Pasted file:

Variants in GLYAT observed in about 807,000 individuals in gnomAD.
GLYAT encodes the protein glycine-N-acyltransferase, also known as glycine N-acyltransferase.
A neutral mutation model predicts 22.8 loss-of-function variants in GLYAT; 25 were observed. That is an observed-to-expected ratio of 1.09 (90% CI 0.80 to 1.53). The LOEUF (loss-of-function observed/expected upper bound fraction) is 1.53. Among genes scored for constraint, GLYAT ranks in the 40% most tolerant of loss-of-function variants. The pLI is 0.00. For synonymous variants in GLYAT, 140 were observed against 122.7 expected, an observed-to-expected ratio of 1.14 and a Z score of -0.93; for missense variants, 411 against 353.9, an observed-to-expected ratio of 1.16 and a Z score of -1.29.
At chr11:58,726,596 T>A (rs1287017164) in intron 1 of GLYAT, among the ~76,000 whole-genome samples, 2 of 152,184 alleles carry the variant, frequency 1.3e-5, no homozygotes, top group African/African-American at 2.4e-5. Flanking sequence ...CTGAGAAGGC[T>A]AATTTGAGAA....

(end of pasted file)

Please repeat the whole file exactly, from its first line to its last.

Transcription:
Variants in GLYAT observed in about 807,000 individuals in gnomAD.
GLYAT encodes the protein glycine-N-acyltransferase, also known as glycine N-acyltransferase.
A neutral mutation model predicts 22.8 loss-of-function variants in GLYAT; 25 were observed. That is an observed-to-expected ratio of 1.09 (90% CI 0.80 to 1.53). The LOEUF (loss-of-function observed/expected upper bound fraction) is 1.53. Among genes scored for constraint, GLYAT ranks in the 40% most tolerant of loss-of-function variants. The pLI is 0.00. For synonymous variants in GLYAT, 140 were observed against 122.7 expected, an observed-to-expected ratio of 1.14 and a Z score of -0.93; for missense variants, 411 against 353.9, an observed-to-expected ratio of 1.16 and a Z score of -1.29.
At chr11:58,726,596 T>A (rs1287017164) in intron 1 of GLYAT, among the ~76,000 whole-genome samples, 2 of 152,184 alleles carry the variant, frequency 1.3e-5, no homozygotes, top group African/African-American at 2.4e-5. Flanking sequence ...CTGAGAAGGC[T>A]AATTTGAGAA....